We will never hear from this family again - unless they reach out in response to someone telling them about this post. We did not exchange numbers or email addresses. I don't recall if we even shared our last names. What we share was a moment and a little conversation. We shared a sense of connection and peoplehood. We talked briefly about day school and summer camp and about each our trips so far. Ours was ending and theirs still had weeks to go. We were heading south and they were heading north.

In that moment of shared recognition and song, we shared something special. After 10 days of churches, medieval and renaissance art, museums and synagogues that told the Jewish story of Italy, we found our people. We had met Jews. These were North American Jews, who shared so many characteristics with us - language, local references, Jewish summer camp - that we felt a deeper connection.

There is something deeper here. I am not sure I can put a finger on it. It felt good though, and left us with bigger smiles on our faces than we had before lunch. And yes, it was a delicious lunch. If you find yourself near Orte, do stop in.

Tuesday, November 6, 2012

The Dissatisfied Nation

Another cross post from This essay is from The Peoplehood Papers, volume 9 - The Collective Jewish Conversation: Its Role, Purpose and Place in the 21st Century - published by the Center for Jewish Peoplehood Education. It is written by Shimon Peres. Yes, that Shimon Peres.

Readers of this blog know that I have been very interested in promoting Peoplehood as what may be our last opportunity to connect (or reconnect) Jews, Judaism and Israel to one another. This Sunday, the Westchester/Fairfield Association of Temple Educators (WATE) is hosting a Kallah for teachers in our synagogue schools on Peoplehood. Dr. Evie Rotstein is the Keynote speaker. She was one of the principal organizers of the Peoplehood conference at Oranim College this past February. I am looking forward to it.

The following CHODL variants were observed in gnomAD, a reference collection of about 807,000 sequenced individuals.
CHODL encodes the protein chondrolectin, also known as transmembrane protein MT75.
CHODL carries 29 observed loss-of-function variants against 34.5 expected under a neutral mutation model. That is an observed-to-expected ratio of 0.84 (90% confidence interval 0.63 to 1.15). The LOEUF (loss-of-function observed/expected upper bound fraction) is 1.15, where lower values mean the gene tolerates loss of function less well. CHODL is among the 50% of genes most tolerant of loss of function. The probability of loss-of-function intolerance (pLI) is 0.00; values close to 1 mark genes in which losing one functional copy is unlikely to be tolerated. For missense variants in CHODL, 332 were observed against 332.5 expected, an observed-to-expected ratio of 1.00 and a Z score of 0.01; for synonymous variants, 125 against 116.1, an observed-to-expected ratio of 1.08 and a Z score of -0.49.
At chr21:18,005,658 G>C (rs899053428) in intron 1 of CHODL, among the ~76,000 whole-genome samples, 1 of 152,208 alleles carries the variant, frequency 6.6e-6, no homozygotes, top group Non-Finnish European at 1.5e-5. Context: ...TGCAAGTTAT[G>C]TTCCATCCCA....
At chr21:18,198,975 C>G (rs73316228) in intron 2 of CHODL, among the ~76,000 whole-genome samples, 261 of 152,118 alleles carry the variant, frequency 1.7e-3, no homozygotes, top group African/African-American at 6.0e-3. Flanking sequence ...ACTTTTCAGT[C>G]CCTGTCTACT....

The Dissatisfied Nation
by Shimon Peres

The Jewish People feels very much at home in the 21st century. It is a century of constant renewal, innovation and evolution. And it is my definite belief that what characterizes Jews above all is dissatisfaction. If I ever saw a totally satisfied Jew, I would be very surprised. From our early days, we rejected ignorance and postponed satisfaction. Jewish children are taught to question everything and the habit is never lost. It is that ongoing quest for betterment which has made us a people of research, a people of demand, a people of questions, a people of Tikkun Olam, never content with the world as it is and always believing and striving to improve it.